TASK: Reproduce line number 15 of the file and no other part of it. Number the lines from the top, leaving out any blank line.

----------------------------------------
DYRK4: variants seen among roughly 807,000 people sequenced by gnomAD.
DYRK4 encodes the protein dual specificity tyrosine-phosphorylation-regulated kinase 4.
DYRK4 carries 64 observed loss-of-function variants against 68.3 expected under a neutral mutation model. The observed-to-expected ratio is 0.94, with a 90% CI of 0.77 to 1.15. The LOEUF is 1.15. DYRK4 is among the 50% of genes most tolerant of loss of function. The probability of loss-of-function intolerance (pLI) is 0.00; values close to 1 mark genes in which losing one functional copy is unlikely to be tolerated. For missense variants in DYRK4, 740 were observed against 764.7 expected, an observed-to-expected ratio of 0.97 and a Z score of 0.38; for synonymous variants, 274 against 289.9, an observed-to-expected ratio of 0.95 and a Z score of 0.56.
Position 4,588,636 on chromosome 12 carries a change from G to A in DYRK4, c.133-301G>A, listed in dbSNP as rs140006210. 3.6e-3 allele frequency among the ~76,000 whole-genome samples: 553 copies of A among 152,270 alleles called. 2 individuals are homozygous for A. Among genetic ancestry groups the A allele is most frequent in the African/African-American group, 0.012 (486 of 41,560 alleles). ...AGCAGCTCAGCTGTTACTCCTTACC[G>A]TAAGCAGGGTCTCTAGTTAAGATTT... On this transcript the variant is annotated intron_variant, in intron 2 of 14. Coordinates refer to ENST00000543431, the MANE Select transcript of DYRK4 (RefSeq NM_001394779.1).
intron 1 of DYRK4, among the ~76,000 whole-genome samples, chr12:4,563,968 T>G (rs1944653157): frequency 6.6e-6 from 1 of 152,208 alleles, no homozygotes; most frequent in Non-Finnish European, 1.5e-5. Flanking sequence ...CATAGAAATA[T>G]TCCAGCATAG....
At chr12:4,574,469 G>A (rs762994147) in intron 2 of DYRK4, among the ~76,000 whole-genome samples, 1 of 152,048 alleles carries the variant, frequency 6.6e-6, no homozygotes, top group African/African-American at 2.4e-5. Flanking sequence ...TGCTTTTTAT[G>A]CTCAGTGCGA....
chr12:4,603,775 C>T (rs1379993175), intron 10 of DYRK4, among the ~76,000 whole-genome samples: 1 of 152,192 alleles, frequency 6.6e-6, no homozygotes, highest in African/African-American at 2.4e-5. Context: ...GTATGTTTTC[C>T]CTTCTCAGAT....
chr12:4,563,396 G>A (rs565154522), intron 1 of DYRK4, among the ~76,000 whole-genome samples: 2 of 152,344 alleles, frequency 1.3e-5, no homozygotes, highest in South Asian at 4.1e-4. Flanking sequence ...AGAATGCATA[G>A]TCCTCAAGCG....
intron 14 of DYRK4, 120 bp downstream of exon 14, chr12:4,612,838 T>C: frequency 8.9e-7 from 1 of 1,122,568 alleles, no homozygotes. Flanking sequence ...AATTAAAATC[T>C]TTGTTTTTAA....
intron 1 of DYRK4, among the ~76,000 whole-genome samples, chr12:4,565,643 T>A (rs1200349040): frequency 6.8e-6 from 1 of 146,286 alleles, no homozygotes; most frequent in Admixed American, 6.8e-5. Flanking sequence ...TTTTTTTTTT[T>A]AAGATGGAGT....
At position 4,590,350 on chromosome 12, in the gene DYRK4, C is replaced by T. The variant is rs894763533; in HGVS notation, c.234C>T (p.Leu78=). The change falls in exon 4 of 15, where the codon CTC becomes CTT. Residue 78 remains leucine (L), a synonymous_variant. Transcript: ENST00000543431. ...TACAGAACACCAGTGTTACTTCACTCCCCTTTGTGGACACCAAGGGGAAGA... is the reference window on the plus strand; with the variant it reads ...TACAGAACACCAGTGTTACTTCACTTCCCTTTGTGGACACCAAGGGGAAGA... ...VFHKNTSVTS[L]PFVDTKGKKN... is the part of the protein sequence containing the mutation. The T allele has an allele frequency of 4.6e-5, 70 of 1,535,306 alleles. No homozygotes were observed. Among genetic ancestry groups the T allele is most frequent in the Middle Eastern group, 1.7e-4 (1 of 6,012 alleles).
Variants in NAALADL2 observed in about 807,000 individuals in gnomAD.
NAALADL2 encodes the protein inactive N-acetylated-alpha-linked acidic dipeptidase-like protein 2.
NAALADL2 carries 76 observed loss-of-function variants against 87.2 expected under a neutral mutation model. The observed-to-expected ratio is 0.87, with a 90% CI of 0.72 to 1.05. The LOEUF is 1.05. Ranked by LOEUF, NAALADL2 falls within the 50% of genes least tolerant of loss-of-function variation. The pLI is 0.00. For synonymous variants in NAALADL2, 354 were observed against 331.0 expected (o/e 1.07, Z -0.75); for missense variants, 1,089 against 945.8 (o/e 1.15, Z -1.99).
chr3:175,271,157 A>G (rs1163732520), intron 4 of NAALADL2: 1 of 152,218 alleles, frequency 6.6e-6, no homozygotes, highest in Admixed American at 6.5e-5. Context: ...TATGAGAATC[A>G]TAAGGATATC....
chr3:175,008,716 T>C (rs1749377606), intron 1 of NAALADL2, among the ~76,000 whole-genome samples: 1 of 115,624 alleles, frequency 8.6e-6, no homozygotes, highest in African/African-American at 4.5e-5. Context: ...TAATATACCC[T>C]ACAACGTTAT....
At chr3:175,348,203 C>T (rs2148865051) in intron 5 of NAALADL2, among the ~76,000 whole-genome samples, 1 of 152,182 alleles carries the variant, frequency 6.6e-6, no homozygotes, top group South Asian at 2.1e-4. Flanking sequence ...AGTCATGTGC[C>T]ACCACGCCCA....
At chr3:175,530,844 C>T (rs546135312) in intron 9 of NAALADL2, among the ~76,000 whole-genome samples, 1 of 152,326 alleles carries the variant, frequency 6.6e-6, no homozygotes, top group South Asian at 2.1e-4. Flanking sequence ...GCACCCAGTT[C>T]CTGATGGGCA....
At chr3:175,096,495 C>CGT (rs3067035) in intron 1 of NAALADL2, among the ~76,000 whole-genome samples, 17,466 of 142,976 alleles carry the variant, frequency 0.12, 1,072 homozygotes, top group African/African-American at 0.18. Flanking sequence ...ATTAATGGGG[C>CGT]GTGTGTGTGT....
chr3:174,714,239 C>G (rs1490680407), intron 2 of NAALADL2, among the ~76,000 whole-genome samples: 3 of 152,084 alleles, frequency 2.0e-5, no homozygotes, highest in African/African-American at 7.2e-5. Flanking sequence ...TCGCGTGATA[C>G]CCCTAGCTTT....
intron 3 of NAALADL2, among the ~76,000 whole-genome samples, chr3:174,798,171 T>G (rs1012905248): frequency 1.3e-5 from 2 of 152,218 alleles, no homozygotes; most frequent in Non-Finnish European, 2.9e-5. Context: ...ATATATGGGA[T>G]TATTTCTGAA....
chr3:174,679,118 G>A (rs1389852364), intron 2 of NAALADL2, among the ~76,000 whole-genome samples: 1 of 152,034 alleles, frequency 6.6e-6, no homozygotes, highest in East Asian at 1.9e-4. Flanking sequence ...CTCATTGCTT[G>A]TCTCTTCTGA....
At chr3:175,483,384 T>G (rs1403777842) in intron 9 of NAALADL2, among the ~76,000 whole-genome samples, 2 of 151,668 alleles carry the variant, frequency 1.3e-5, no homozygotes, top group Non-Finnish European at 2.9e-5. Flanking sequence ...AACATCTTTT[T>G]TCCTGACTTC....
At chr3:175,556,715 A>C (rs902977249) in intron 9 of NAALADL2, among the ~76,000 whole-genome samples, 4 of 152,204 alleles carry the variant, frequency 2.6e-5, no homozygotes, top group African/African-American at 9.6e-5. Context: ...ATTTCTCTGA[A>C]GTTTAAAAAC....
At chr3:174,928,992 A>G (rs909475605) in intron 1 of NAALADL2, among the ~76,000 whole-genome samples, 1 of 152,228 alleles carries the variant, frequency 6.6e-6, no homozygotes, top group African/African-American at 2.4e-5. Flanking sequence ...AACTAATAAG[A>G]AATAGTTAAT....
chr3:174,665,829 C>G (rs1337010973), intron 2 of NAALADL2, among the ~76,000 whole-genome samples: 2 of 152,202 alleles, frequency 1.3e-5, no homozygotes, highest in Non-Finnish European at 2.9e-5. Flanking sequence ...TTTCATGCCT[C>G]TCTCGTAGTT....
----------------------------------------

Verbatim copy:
chr3:175,271,157 A>G (rs1163732520), intron 4 of NAALADL2: 1 of 152,218 alleles, frequency 6.6e-6, no homozygotes, highest in Admixed American at 6.5e-5. Context: ...TATGAGAATC[A>G]TAAGGATATC....